is divided three ways, among                                          guy making three         And he ought to keep an eye on the calen-
Stevens, her late sister’s five                                       million a year who       dar. The real Ruth died in 1948, which
children and the Babe Ruth                                            can’t play because he    means that 1998 will mark the 50th anni-
Baseball League Inc., a youth baseball pro-     has a little tape wrapped around his pin-      versary of his death. Yet another grand
gram.                                           kie.”                                          opportunity for the creative team that is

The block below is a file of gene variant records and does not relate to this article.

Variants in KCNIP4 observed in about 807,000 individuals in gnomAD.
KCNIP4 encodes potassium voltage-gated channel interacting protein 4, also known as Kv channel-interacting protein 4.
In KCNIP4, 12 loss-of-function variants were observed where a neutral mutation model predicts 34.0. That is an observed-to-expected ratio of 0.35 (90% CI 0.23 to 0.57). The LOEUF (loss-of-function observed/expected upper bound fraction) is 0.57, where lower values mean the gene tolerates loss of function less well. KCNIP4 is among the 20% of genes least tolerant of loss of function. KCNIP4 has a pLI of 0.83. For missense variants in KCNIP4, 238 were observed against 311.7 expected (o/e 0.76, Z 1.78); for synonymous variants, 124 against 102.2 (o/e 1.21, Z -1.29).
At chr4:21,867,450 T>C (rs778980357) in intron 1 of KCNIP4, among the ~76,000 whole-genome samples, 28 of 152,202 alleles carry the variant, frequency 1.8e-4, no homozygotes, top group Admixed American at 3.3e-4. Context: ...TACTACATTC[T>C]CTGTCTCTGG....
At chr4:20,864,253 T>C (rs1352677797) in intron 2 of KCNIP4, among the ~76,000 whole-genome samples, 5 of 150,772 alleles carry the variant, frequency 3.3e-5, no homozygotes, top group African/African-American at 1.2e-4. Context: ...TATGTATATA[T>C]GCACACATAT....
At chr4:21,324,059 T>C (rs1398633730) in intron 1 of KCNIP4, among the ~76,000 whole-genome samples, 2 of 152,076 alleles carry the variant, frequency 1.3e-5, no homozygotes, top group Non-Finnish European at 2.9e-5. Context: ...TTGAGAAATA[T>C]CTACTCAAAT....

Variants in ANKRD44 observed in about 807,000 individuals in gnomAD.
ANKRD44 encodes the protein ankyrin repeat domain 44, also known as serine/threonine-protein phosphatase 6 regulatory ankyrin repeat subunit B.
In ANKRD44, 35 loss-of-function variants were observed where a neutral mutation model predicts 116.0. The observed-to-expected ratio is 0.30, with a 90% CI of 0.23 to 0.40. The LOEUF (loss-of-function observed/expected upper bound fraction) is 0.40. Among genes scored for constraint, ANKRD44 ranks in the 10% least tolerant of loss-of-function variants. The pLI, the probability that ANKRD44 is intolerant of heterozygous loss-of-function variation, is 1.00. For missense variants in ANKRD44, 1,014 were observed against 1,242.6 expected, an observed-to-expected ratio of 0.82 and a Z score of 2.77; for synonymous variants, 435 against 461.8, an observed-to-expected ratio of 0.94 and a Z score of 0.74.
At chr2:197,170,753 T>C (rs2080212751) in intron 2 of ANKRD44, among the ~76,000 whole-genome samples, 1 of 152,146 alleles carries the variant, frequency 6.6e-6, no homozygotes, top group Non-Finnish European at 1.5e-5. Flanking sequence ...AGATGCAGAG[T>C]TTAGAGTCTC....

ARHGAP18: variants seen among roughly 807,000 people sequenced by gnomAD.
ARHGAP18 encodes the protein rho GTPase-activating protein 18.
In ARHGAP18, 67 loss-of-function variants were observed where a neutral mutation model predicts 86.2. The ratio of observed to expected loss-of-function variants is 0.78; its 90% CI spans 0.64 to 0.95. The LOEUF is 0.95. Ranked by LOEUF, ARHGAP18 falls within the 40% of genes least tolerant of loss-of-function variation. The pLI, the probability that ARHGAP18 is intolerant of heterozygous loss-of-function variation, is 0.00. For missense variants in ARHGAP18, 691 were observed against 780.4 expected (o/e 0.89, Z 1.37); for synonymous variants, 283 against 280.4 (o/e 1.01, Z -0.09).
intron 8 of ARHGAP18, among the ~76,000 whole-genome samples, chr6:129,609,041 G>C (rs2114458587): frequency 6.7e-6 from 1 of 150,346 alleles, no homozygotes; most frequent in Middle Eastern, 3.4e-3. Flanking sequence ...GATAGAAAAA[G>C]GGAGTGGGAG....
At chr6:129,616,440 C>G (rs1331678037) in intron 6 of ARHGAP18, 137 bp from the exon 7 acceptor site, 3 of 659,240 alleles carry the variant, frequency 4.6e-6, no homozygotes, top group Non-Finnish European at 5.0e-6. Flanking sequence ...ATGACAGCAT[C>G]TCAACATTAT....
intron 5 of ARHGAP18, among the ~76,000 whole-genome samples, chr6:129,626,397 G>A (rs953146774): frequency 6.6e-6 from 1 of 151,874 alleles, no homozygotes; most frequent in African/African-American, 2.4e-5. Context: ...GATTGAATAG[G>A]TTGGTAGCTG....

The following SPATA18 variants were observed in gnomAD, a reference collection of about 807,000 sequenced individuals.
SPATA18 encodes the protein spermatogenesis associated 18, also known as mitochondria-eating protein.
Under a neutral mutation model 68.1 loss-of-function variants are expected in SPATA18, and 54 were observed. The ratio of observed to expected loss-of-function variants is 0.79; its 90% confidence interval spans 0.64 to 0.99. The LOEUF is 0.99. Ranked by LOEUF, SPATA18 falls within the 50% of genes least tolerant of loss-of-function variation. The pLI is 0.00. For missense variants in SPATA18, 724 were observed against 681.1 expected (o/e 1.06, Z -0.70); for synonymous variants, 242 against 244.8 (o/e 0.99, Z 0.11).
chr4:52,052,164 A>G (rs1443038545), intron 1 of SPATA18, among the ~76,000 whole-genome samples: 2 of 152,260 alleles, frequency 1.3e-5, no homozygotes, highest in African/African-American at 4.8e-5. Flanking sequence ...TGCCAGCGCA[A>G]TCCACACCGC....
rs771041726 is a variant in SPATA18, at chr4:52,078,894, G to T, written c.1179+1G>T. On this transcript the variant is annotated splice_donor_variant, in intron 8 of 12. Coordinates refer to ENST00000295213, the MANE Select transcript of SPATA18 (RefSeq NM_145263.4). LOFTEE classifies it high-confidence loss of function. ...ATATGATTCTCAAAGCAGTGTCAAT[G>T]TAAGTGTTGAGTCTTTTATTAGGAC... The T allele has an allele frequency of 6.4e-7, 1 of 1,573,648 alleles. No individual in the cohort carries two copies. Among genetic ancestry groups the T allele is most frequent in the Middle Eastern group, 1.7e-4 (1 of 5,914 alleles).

Roesler sees the day-not far off, he says-      Cobb, Gehrig, Lombardi, Owens and              transforming the Sultan of Swat into the
when the blending of old footage and new        Thorpe (not necessarily in that order) fol-    Legend of Licensing.
scenes will create an entire genre of com-      low Ruth as the most profitable dead sports
mercials in which his sports legends ap-        clients, Roesler says. But he and family       Jeffrey Marx, who lives in Washington,
pear to be interacting with contemporary        members of the late greats emphasize that      D.C., has written several stories for Sports
actors. Such a commercial has already been      income is not their only interest. Equally     Illustrated.